Despite these impressive production figures, an estimated 30% of the apple products is lost due to poor handling, inadequate transport and lack of Climate Controlled Storage. Due to the lack of Cold storage facilities, the seasonal production deteriorates rapidly and has to be sold in the market within days. About 70% of the Crop is transported to and sold in India’s largest wholesale fruit and vegetable market at Azadpur in Delhi followed by Mumbai, Bangalore, Ahmadabad, and others.
Consequently, commodity prices are low during the harvesting season as a result of over-supply. This supply begins with the harvesting season September-October, rushes in or peaks in November-December and finally ends in January-February.
Outside the harvesting season, India is forced to import apples from abroad, and are sold in the Indian market at higher prices with no local alternatives available. The consumption of apples, along with the population`s increasing purchasing power shows a rapid increase, despite the relatively high prices of imported apples outside the harvesting season.
The apple farmers in the region face a number of very serious problems with their product and their position in the market. These can be summarized in three points; Climatic/Logistical, the Import apples and the dependency on the middlemen.
1. Climate and logistical problems:
The harvesting seasons of apples in North- Western (Kashmir falls in the same region) Himalayan region is between July and November. However, for Kashmiri apple, the harvesting season is between September-November. A typical supply curve is given below for the Kashmiri apple market, with a clear peak in October-November and a rapid decline until January. Beyond that, the arrival in the market is from cold storage and some late arrivals.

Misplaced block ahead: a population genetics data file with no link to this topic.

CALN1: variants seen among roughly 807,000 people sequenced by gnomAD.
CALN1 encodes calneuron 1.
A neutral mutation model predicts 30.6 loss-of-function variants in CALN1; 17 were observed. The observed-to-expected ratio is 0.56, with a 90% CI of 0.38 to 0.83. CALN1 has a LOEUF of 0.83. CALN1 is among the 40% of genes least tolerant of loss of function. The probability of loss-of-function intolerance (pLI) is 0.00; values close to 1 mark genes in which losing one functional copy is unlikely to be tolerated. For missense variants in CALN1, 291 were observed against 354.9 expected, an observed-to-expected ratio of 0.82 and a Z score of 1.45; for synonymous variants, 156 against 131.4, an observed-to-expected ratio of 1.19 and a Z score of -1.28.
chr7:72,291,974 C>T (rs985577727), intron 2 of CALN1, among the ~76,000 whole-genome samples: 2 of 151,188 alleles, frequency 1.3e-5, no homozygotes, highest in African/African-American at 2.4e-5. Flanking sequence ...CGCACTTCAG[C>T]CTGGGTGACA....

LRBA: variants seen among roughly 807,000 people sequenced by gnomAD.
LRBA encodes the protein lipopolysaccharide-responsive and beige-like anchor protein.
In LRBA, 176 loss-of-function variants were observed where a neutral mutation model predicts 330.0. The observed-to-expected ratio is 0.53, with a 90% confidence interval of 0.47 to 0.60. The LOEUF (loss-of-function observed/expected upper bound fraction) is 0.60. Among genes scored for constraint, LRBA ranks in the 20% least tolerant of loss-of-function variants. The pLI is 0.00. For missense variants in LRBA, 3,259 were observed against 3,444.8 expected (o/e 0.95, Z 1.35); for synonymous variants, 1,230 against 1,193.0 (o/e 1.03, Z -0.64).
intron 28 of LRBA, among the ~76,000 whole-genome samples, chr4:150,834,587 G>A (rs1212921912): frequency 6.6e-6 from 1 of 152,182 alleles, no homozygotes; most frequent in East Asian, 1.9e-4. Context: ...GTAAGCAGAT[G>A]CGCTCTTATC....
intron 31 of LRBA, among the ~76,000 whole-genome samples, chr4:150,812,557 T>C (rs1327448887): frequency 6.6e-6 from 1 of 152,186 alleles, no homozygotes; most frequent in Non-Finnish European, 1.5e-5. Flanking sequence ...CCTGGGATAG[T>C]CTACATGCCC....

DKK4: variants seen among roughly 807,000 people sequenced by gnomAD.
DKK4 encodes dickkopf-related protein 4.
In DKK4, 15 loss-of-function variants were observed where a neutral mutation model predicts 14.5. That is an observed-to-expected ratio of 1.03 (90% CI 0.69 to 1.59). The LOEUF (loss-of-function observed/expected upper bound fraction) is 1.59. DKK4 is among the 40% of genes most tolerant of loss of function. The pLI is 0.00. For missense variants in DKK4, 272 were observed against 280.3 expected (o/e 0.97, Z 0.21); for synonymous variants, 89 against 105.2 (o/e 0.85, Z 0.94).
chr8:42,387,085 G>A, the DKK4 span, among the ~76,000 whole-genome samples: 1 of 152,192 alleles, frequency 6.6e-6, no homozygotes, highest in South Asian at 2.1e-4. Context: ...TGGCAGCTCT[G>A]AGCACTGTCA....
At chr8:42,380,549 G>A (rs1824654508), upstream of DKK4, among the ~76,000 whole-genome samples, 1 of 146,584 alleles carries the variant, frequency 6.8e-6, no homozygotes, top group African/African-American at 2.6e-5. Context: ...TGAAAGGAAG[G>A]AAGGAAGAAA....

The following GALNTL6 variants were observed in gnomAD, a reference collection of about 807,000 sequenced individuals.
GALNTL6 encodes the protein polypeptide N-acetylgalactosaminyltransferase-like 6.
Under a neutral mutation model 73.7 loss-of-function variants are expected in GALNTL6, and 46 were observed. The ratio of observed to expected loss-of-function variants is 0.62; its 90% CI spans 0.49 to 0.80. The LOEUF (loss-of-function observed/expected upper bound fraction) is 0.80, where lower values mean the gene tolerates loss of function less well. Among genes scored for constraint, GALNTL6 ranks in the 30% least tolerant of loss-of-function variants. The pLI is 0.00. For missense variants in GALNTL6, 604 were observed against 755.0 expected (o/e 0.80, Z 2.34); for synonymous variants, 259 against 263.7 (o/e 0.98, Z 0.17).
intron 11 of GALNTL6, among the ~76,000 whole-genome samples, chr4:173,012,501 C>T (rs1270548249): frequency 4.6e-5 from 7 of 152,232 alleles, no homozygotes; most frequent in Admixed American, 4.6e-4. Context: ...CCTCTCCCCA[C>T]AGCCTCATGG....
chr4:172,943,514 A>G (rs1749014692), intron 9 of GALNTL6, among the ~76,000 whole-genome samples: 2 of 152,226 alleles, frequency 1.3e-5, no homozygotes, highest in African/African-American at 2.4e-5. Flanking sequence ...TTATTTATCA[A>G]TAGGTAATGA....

The peak in October-November and a rapid decline can be streamlined; however, the months following (i.e. December & January) come with snow and chilling temperatures resulting in damaging/blocking already bad roads that are available to get the apples to market. Due to the logistical problems during the season typically 30% of the apples are lost due to spoilage and rendering the rest of the apples unfit for the Long-term storage.
2. Import Apples:
As the graphic below shows, the import apples become available on the local market as local arrivals decrease, due to the limited availability of long-term storage facilities.
Not only is the price of apples important. The nicely packed American apples might look attractive, but in general, the apples produced in the Kashmir region are qualitatively (much) better than the imported ones seen in the domestic market. Therefore, one can wonder how long the preference of imported apples based on their reputation instead of their objective quality will last?
3. Dependency on middlemen:
Marginalized and small farmers, in particular, are unable to escape the powerful grip and dependence on middlemen, informal lenders, and other intermediaries. Although there have been several attempts to assist farmers in escaping from their poverty trap, the results have been disappointing.
Loan and grant schemes, if at all they reach the individual farmers, do not have the desired effect as these schemes do not tackle the core problems of the dependence of the farmers, which brought them in poverty in the first place. As a result, most loan and grant schemes are in effect only patching solutions rather than a structural solution.
There is a desperate need of approach and strategy to tackle above the three major issues that threaten the livelihood of the farmers and thereby the economy of the region.
(The author is Manager Engineering & Operations at Fresh Food Technology India Pvt.Ltd)